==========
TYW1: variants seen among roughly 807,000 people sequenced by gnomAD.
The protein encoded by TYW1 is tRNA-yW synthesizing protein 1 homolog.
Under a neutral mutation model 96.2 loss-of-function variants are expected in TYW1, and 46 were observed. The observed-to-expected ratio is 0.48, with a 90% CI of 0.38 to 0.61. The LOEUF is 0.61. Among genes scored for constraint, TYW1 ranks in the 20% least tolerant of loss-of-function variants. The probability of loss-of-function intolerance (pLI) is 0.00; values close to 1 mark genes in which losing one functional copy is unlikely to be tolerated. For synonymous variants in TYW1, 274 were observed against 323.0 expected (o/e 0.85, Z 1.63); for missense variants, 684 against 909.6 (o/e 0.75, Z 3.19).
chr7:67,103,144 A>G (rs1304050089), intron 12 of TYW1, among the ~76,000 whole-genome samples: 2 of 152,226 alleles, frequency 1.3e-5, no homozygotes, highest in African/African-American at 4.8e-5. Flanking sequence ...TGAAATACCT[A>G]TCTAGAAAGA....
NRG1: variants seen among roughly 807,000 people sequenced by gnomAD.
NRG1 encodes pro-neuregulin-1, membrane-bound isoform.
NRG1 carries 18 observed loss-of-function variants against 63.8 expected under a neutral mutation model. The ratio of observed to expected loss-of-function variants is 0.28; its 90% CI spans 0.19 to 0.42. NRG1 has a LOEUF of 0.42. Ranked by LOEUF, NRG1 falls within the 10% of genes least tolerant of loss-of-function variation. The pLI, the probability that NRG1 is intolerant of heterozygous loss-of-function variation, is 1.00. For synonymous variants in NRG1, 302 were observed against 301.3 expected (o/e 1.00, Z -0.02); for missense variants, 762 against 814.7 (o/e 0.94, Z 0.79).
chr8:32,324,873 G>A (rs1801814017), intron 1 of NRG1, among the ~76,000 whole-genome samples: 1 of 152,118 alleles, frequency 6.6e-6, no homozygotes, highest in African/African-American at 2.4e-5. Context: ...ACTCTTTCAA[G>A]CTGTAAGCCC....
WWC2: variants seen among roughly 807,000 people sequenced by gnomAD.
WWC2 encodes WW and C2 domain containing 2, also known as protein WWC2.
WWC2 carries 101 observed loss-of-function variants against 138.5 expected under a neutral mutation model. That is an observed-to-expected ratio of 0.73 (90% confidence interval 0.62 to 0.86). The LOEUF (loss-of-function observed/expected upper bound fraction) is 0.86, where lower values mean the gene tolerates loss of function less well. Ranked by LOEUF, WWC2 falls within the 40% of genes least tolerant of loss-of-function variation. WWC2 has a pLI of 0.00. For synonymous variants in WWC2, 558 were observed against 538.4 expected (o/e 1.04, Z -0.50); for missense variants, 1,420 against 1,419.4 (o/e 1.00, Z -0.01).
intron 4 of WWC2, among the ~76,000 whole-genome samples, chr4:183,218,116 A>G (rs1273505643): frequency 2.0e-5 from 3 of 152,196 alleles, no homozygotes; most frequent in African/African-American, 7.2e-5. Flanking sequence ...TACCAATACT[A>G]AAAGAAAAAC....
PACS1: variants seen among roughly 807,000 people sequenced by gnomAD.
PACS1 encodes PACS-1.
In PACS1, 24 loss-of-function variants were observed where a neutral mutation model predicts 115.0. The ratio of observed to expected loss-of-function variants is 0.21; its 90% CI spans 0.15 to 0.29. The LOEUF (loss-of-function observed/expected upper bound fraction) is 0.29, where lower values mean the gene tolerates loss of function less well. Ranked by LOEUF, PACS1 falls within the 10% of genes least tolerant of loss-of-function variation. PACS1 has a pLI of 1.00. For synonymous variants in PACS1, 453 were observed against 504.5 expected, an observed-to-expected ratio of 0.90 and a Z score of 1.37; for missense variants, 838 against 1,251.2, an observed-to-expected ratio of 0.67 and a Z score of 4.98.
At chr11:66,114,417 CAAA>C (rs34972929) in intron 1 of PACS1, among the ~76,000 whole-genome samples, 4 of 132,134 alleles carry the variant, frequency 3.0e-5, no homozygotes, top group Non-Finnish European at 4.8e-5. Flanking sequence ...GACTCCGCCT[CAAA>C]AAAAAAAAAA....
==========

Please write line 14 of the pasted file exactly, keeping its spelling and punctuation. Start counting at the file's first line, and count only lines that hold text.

PACS1 encodes PACS-1.